Tuesday, October 31, 2017

Oh, patents! Nao’s hands

Copyright © Françoise Herrmann

Nao, Softbank Robotics' humanoid, has two hands, each with a palm, two fingers and a thumb, and you might be wondering why? 

The design of humanoid hand function mimicking human hand function is quite a task. A human hand has 27 degrees of freedom with 27 bones and 14 joints. Humanoid hand movements or degrees of freedom are controlled with actuators which, for all practical purposes of space and coordination, are best kept to a minimum.  Indeed, the two Softbank Robotics humanoid hand patent families listed below each address the issue of actuation relative to degrees of freedom, and in particular of humanoid hands. The design goal explained in the patents is underactuation. That is, a design where the degrees of freedom (N) is always greater than the number of actuators, expressed as N>A, and the greater the underactuation, the better.  The degree of underactuation is thus calculated as N-A, the difference between degrees of freedom and the number of actuators: 

In the first patent family, the solution found for achieving high underactuation was a spreader able to distribute the force of a single actuator across all digits. So that one actuator is actually controlling 14 degrees of freedom for a humanoid hand with 4 fingers and one thumb, a design solution that even enables the digits to adapt to the shape of an object grasped.  However, this design solution does not actuate digits separately.  And the inventors not only wanted humanoid hands to grasp objects and to adapt to their shape, they also wanted for humanoid hands to function in communication. So a second family of patents discloses high underactuation, which additionally achieves separate digit movement, such as for example, pointing with an index, or a "thumbs-up" as in the iconic "I like".

The two humanoid hand patent families are listed below, with US patent abstracts for each family, and patent drawings from each of the patent families. The first  Figure drawing shows the spreader, within the humnoid palm, distributing the actuation force of a single actuator across digits, and Figure 2c shows separate digit movement, two digits bent, one straight, also underactuated by a single actuator. A short video is also included presenting Romeo, another much larger Softbank Robotics humanoid, designed as a home companion, with clearly independent thumb movement. 



Patent Family I
A hand intended for a humanoid robot comprises a palm and several fingers that are motorized relative to the palm. According to the invention, the hand comprises an actuator common to several fingers and a spreader making it possible to distribute a force exerted by the actuator toward the fingers.   [Abstract US2016325437 (A1)]
  • US2016325437 (A1) ― 2016-11-10 - Actuation of a hand intended for being provided on a humanoid robot
  • JP2017503668A ― 2017-02-02 -  Operation of intended hand provided on humanoid robots
  • AU2015208156 (A1) ― 2016-08-04 - Actuation of a hand intended for being provided on a humanoid robot 
  • CA2937582 (A1) ― 2015-07-30 - Actuation of a hand intended for being provided on a humanoid robot 
  • EP3105018 (A1) ― 2016-12-21 - Actuation of a hand intended for being provided on a humanoid robot 
  • FR3016542 (A1) ― 2015-07-24- Actionnement d'une main destinée à équiper un robot à caractère humanoïde
  • KR20160120732 (A) ― 2016-10-18 - Actuation of a hand intended for being provided on a humanoid robot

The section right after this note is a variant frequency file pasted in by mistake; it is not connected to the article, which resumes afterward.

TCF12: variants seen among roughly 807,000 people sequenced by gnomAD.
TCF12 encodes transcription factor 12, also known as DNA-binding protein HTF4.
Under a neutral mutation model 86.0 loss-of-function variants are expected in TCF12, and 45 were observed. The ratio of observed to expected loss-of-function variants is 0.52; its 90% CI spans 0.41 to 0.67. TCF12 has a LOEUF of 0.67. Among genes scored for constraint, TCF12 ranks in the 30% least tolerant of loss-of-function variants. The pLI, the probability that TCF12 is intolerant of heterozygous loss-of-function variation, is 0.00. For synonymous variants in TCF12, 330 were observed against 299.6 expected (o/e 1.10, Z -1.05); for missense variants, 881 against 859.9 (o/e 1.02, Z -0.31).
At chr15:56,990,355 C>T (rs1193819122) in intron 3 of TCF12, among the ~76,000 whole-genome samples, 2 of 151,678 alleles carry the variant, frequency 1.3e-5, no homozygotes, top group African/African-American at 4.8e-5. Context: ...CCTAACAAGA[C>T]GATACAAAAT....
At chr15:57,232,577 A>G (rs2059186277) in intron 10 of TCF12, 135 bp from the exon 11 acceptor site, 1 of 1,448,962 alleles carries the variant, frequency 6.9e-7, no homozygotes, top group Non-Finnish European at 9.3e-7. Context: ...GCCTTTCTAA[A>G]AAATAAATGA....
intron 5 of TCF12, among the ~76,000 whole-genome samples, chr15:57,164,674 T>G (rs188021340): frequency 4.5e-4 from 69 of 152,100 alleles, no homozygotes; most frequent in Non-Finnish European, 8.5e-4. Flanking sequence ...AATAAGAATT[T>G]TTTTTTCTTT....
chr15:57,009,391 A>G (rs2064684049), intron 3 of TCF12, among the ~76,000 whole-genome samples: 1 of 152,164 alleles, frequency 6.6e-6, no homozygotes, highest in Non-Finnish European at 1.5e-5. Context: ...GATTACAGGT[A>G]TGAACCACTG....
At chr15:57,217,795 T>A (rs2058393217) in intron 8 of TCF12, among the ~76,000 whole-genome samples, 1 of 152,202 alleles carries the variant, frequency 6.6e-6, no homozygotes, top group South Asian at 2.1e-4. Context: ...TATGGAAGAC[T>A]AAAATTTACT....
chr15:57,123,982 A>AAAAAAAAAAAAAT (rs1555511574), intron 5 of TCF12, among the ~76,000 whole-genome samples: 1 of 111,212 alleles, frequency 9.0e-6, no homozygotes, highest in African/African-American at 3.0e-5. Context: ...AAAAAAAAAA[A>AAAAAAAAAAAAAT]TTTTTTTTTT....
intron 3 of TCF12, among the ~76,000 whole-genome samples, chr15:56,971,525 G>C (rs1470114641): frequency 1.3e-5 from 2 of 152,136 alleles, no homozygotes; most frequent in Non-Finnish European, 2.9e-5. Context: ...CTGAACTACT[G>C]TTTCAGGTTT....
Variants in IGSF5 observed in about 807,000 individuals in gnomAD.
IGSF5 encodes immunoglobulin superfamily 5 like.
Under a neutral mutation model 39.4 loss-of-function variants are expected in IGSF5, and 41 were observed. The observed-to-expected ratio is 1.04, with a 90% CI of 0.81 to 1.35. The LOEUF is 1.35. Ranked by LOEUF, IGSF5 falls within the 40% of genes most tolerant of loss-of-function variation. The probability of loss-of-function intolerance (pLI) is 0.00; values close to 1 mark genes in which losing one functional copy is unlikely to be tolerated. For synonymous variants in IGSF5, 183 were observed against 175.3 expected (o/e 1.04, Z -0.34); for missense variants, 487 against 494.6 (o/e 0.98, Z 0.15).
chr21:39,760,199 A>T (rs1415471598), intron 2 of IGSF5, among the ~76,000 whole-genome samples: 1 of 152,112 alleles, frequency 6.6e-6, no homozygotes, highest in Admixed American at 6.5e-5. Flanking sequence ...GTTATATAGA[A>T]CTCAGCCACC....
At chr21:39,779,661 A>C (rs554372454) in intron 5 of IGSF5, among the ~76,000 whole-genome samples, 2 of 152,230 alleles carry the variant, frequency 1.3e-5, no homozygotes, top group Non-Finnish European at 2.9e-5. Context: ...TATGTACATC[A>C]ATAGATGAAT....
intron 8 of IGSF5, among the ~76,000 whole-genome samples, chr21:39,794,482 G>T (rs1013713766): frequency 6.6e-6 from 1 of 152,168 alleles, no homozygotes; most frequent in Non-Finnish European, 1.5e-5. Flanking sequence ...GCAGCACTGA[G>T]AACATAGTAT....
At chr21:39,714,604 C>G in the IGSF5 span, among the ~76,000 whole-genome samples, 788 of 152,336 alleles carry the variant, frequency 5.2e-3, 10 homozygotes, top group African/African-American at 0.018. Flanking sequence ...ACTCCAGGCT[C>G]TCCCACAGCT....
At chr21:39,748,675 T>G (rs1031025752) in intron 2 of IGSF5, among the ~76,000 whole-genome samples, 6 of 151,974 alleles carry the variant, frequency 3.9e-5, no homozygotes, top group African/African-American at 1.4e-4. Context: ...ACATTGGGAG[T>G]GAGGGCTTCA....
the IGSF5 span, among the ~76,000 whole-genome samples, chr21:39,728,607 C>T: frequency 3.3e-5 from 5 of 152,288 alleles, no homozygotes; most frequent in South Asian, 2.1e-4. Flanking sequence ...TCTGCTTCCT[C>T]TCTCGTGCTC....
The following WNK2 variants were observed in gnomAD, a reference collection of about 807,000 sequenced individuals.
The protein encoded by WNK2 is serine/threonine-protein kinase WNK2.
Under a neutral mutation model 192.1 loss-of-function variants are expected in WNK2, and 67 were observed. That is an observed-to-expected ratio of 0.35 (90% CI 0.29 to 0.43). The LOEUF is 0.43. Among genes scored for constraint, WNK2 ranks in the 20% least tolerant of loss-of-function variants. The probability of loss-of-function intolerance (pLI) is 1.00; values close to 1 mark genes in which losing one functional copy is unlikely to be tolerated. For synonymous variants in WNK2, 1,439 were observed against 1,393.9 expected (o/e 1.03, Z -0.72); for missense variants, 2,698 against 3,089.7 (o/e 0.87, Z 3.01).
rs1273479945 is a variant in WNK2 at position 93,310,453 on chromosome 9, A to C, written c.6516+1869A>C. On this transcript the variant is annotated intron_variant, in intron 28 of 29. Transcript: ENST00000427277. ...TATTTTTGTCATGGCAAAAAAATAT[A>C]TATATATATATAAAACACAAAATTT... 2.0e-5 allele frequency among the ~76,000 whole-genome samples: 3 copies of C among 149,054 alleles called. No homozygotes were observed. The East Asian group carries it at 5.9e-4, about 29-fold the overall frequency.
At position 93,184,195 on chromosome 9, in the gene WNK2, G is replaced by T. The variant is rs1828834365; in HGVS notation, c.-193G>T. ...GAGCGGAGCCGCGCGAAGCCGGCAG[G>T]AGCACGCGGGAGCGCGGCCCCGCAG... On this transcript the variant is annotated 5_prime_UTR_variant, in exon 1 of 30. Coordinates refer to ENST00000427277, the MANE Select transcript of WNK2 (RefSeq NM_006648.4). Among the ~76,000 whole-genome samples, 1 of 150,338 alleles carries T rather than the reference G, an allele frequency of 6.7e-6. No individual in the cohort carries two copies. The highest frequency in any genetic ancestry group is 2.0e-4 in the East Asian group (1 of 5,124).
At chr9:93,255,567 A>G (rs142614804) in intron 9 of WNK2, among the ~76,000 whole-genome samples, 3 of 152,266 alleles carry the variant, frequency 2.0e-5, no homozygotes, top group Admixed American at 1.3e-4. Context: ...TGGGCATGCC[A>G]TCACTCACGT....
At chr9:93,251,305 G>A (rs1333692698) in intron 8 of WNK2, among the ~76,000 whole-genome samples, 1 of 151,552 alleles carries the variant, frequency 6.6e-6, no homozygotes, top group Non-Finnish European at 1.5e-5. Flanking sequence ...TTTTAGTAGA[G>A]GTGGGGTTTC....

• MX2016009357 (A) ― 2017-04-13 - Actuation of a hand intended for being provided on a humanoid robot
  • NZ722309 (A) ― 2017-08-25 - Actuation of a hand intended for being provided on a humanoid robot 
  • SG11201605955V (A) ― 2016-09-29 - Actuation of a hand intended for being provided on a humanoid robot 
  • WO2015110521 (A1) ― 2015-07-30 - Actuation of a hand intended for being provided on a humanoid robot 
Patent Family II

A hand intended for a humanoid robot comprising a palm and several fingers, each of the fingers being able to be displaced in relation to the palm between a position of rest maintained by spring effect and a compressed position obtained by driving a link part with the palm countering the spring effect, comprises a motorized shaft, linked to the link part of each of the fingers, and configured to respectively displace at least one first finger and at least one second finger, from the position of rest to the compressed position, by rotation of the motorized shaft respectively in a first direction of rotation and in an opposite direction. [Abstract US20170043486A1]
  • US20170043486A1 -- Actuation of a hand to be provided on a humanoid robot
  • AU2015257679 (A1) ― 2016-11-10 - Actuation of a hand to be provided on a humanoid robot 
  • CA2948073 (A1) ― 2015-11-12 - Actuation of a hand to be provided on a humanoid robot 
  • EP3140085 (A1) ― 2017-03-15 - Actuation of a hand to be provided on a humanoid robot
  • FR3020775 (A1) ― 2015-11-13 - Actuation of a hand to be provided on a humanoid robot 
  • JP2017514712 (A) ― 2017-06-08 - Actuation of a hand to be provided on a humanoid robot 
  • KR20170007351 (A) ― 2017-01-18 - Actuation of a hand to be provided on a humanoid robot 
  • MX2016013597 (A) ― 2017-06-29 - Actuation of a hand to be provided on a humanoid robot
  • SG11201608727V (A) ― 2016-12-29 - Actuation of a hand to be provided on a humanoid robot 
  • WO2015169886 (A1) ― 2015-11-12 - Actuation of a hand to be provided on a humanoid robot 
References
Softbank Robotics

1 comment:

Slidersystems said...

Really Awesome………very nice post. You are Expert in your profession. It's a very interesting in a post. I appreciate you keep do a posting.
Sliding Wardrobe Systems
Fitted Wardrobes
Hinged Wardrobes
Hinged Wardrobes Doors
slider wardrobe